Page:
The most spectacular and close example of this type of photodissociation region is the so-called Orion Bar, which is located within the well-known Orion Nebula, located about 1,300 light-years from Earth. The Orion Nebula is one of the most studied astronomical objects of all time: it is an immense cloud of gas and dust lovingly regarded as a stellar nursery, as thousands of stars begin their lives there. It is not the only stellar nursery in the galaxy but, being the closest forming massive stars (more than 8 times the mass of the Sun), it offers us the opportunity to study in detail how the stars are born; how, once formed, they interact with the interstellar environment that surrounds them; and, in particular, how intense stellar ultraviolet radiation fields end up “destroying” (photodissociating) the molecular cloud where they were born.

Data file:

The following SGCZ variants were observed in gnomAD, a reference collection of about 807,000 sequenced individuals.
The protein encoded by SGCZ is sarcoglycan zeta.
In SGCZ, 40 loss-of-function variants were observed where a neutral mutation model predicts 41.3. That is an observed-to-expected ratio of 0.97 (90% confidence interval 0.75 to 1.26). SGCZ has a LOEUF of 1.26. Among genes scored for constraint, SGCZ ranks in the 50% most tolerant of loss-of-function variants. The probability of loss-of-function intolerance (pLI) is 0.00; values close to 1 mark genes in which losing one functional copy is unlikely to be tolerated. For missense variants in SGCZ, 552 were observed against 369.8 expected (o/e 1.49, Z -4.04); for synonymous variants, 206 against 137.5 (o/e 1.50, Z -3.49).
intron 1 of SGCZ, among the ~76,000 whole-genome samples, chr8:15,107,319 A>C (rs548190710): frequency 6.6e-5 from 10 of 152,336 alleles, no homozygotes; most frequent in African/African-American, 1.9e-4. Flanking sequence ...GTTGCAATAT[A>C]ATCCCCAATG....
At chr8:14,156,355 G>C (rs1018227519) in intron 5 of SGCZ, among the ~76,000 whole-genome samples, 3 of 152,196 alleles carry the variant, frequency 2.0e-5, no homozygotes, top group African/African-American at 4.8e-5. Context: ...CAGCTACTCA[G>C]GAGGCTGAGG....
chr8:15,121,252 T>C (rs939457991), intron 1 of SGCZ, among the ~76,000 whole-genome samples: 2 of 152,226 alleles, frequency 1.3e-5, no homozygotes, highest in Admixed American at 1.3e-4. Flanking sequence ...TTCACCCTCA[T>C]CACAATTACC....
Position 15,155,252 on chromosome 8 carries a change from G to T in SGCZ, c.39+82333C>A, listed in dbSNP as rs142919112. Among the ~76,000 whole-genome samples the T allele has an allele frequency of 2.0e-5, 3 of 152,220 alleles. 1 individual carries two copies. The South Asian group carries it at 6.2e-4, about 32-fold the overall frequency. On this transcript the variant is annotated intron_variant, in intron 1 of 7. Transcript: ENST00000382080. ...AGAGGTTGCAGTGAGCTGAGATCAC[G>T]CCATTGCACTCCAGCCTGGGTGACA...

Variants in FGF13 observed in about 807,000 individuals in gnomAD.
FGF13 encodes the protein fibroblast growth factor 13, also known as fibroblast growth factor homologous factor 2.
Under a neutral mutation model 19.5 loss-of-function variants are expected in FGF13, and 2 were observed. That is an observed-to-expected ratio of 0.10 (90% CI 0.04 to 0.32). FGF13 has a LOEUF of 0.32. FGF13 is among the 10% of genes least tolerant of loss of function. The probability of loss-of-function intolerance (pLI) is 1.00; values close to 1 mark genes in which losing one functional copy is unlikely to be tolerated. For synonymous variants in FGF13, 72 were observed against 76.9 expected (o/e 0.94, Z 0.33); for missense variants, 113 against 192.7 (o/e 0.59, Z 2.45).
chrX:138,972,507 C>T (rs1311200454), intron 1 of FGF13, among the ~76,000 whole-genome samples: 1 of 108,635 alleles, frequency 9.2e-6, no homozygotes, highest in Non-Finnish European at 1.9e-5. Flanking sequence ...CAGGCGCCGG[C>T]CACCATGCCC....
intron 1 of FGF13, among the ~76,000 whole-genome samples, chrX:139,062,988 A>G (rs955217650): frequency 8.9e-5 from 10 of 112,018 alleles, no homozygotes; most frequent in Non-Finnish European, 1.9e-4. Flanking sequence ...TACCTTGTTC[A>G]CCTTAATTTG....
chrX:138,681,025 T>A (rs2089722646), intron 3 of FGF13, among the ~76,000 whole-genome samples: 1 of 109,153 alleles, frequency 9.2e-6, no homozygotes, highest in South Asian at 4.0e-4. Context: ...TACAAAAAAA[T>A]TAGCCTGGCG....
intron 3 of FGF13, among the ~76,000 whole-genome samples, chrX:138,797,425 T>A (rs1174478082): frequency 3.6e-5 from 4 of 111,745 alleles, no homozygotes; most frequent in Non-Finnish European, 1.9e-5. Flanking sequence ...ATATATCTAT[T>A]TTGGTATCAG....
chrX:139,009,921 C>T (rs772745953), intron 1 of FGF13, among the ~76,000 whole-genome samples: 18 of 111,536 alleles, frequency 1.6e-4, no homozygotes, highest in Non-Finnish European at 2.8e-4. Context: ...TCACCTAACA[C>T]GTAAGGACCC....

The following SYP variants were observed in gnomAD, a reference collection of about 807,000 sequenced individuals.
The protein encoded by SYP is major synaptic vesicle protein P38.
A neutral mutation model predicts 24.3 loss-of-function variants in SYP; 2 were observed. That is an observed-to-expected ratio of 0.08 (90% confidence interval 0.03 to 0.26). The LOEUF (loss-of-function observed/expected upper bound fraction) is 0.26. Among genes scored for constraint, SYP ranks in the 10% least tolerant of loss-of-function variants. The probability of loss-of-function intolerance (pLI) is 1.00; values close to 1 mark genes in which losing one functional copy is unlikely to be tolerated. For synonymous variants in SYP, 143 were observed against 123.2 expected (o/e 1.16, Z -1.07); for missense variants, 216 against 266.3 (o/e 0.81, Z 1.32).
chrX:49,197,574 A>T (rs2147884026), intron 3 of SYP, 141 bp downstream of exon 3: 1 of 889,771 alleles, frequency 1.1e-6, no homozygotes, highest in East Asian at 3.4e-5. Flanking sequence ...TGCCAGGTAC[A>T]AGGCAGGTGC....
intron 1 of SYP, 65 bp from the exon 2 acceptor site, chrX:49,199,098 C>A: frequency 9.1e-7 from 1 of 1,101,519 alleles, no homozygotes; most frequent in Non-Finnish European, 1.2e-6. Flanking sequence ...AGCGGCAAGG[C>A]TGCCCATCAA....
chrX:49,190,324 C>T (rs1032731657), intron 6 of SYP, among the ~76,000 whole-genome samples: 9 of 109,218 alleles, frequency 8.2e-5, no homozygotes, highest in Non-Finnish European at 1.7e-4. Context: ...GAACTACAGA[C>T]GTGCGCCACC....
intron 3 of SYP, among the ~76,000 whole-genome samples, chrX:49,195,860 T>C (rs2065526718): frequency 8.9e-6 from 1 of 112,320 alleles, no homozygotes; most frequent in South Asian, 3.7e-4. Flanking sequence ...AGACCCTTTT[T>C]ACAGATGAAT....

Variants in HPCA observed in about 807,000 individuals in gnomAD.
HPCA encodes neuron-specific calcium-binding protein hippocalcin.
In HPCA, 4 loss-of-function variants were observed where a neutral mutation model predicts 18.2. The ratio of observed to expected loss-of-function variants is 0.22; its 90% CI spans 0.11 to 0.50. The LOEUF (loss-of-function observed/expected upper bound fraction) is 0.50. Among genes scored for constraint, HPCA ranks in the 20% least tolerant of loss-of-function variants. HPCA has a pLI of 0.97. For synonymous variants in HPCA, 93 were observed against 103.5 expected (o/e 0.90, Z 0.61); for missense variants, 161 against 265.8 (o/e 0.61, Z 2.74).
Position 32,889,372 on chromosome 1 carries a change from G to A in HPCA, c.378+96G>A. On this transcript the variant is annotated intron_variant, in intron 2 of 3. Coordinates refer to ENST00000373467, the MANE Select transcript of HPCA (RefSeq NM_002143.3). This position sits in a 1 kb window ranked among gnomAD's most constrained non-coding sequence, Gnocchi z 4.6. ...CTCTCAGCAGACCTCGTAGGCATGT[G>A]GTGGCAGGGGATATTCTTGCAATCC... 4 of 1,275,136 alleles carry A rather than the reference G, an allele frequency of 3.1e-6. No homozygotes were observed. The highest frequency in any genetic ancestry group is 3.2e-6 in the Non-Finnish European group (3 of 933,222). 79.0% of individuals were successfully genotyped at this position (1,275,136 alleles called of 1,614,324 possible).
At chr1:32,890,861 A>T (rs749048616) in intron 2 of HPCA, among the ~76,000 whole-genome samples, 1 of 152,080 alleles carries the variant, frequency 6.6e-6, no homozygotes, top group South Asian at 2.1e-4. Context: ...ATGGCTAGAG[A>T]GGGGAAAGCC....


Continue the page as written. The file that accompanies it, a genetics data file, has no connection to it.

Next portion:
Ultraviolet radiation that ionizes atoms and dissociates molecules in the Orion Bar comes from the famous set of massive stars in the Trapezium cluster, which takes its name from the asterism that make up its four brightest stars.

Having a chemistry controlled by ultraviolet radiation makes that, in these regions, very peculiar species are produced, such as radicals (C2H, OH, HCO…) and ions (SO+, CO+, CH+, HOC+, etc.). These species do not exist naturally on our planet, as they are extremely reactive and unstable and quickly react with other molecules to form new, more stable compounds. They can only be formed in the laboratory under very specific controlled conditions.

2. Center of the Orion Nebula

The study of the Orion Bar

In order to establish the limits of the chemical complexity of the interstellar environment, and using data obtained with a spectral mapping [2] carried out with the IRAM-30m radio telescope (located in Sierra Nevada, Granada, Spain), an ASTROMOL team has managed to expand our knowledge of which molecules exist in environments radiated by strong fields of ultraviolet radiation and how they form.